Given that Chapter 4 of BBC One’s fantasy period drama is titled ‘All the Mirrors of the World’, let’s take a moment to reflect on mirrors.
That shiny plate on your bathroom wall has always been viewed as magical, either practically – it was mirrors that brought to life the famous 1862 illusion ‘Pepper’s Ghost’ – or spiritually: with reflective surfaces linked to mythologies of Medusa and Narcissus, fairy-tales, superstitions and curses that range from 7 years bad luck to the Candyman, horror (sorry, I just watched Oculus), and even Doctor Who. All that’s faded now that we just use the front camera on our iPhone to check our hair.
No one’s scared of mirrors anymore. We’re too busy admiring ourselves in them. Although – fact incoming – if you stare into a mirror for long enough you’ll start to experience something scary called ‘The Troxler Effect’, as your brain detaches focus from your peripheral vision and everything begins to distort right before your eyes, often in grotesque and terrifying ways (seriously, don’t try it).
That’s how it feels watching Strange and Norrell this week. Troxler telly. Stare at it for too long without your eyes being distracted by some impressive illusions and you start to notice all the distortions and flaws in the show, and just how bushy Marc Warren’s eyebrows are and how many times the phrase ‘English magic’ gusts out of mouths.
It’s a terrific-looking show, and its actors are people you’d all pay good money to see, but the script moves at such a slow pace that you feel you’ve spent twice as much time looking at a scene as you actually have.
Jonathan Strange and Mr Norrell is a 7-hour series. The paperback novel is 1006 pages. We’re watching 2.39 pages per minute and this week it comes across as slow, slower, as that sounds. Episode 4 feels leadenly slavish in its translation from page to screen.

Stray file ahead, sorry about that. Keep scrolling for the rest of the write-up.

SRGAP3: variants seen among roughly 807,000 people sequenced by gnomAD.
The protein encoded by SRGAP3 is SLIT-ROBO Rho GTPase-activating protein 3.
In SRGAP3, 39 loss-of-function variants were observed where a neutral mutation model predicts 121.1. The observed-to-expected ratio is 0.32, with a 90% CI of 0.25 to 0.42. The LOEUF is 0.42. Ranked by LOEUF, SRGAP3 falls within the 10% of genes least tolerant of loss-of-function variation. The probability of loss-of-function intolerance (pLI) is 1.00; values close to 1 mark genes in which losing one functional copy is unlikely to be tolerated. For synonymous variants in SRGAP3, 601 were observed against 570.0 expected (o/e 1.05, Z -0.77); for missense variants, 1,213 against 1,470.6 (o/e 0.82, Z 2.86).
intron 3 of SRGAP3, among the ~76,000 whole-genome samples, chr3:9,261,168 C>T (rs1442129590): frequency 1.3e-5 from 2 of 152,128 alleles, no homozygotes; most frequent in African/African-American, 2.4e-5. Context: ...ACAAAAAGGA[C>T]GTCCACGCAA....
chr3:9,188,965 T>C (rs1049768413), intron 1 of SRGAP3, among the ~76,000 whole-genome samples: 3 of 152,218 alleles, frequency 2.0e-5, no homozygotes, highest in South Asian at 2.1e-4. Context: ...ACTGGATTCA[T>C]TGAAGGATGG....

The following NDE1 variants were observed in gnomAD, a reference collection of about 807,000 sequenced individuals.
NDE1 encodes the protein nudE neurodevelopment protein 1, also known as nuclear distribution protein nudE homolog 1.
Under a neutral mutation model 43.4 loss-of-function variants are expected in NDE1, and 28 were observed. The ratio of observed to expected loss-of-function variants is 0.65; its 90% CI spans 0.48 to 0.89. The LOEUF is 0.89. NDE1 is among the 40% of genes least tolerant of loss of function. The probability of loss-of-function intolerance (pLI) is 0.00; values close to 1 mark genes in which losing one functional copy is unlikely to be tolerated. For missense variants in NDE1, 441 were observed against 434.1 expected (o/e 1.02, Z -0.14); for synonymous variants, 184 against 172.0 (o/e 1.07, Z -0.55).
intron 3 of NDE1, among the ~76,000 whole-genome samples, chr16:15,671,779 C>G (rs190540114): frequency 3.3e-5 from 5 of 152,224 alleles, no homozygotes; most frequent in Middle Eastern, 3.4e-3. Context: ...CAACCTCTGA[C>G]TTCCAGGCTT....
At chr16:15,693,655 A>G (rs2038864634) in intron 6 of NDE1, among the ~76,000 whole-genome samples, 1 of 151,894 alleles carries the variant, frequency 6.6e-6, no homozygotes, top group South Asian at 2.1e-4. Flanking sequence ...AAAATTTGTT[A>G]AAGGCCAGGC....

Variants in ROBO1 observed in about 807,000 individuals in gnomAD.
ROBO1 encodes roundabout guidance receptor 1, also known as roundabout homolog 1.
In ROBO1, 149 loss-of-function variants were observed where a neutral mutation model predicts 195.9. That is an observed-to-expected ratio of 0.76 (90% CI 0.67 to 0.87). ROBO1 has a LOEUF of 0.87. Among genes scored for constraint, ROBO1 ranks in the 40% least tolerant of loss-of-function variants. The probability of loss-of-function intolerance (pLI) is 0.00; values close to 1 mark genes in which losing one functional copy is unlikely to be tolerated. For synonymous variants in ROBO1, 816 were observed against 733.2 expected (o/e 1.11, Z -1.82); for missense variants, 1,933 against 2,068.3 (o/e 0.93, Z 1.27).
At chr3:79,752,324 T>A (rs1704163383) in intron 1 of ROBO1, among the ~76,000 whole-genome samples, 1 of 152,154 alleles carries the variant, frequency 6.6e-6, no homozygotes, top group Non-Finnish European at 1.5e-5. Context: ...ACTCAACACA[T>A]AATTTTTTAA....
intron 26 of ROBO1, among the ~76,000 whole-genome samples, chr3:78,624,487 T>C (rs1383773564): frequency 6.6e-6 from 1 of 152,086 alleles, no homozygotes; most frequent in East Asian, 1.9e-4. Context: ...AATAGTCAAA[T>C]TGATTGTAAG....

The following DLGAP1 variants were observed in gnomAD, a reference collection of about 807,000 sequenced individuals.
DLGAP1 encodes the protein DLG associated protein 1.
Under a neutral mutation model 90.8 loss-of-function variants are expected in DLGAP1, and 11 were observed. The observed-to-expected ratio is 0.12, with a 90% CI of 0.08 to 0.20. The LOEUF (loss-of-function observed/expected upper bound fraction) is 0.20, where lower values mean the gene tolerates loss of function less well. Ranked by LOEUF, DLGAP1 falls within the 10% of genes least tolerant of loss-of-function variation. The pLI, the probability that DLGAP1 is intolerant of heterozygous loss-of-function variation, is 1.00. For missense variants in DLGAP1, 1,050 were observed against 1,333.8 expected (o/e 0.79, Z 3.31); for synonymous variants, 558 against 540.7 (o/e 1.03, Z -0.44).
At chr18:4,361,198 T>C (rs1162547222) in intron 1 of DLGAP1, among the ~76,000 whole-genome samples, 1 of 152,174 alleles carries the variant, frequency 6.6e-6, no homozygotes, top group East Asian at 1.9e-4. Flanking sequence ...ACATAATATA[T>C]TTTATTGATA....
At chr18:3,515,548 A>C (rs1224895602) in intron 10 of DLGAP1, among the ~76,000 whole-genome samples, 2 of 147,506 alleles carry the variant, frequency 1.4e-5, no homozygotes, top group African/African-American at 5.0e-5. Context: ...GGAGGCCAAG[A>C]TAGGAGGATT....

Now back from last week’s far more exciting episode, Jonathan Strange attempts to cure the madness of King George III, but only succeeds in nearly getting him killed by The Gentleman and his puppet Stephen.
Magic cannot cure madness. In fact there’s very little it can do except look amazing and cause women to suffer indirectly from it. Lady Pole is carted off to the mad house like an unwanted chair. Arabella Strange finds her relationship with Jonathan increasingly strained. Women in Strange and Norrell are collateral damage. Debbie McGee never had to put up with this sort of thing.
It’s a cock-up that leads to his discovery of the world behind every mirror, The Raven King’s Roads, another example of how visually striking the show can be. He’s spurred on to revive the ways of Old English magic but Norrell isn’t keen.
It’s in the enmity between the two, and the marvellous way Carvel and Marsan play it, where Peter Harness’ script moves out of the shadow of the source material. The only two magicians in England dissolve their partnership, and with poison poured into his ear by the Lascelles (an oily cove you’d like to reach into the telly and slap), Norrell declares he must destroy his ex-student.
He’s not the only one out to wreck Strange’s life. Marc Warren’s theatrical Q-Tip, The Gentleman, has plans too, using Moss Oak, a magical log that births a mirror-image wood clone of Strange’s wife Arabella (start thinking up your own tree puns for next week). But for what dastardly purpose?
I was unapologetically fulsome with praise for Episode 1, and still am, because it started with all the right bits, all the right pace, promise and patter of a great illusion. Now it’s still talking more about magic than doing it, and this week it feels like the fizz has fizzled out.
Hopefully this is just a one-Sunday stumble. Jonathan’s off to war again next week, so it’s likely we’ll get something that mirrors the expectations created when the show started.
Aired at 9pm on Sunday 7 June 2015 on BBC One.
What did you think of this week’s episode? Let us know below…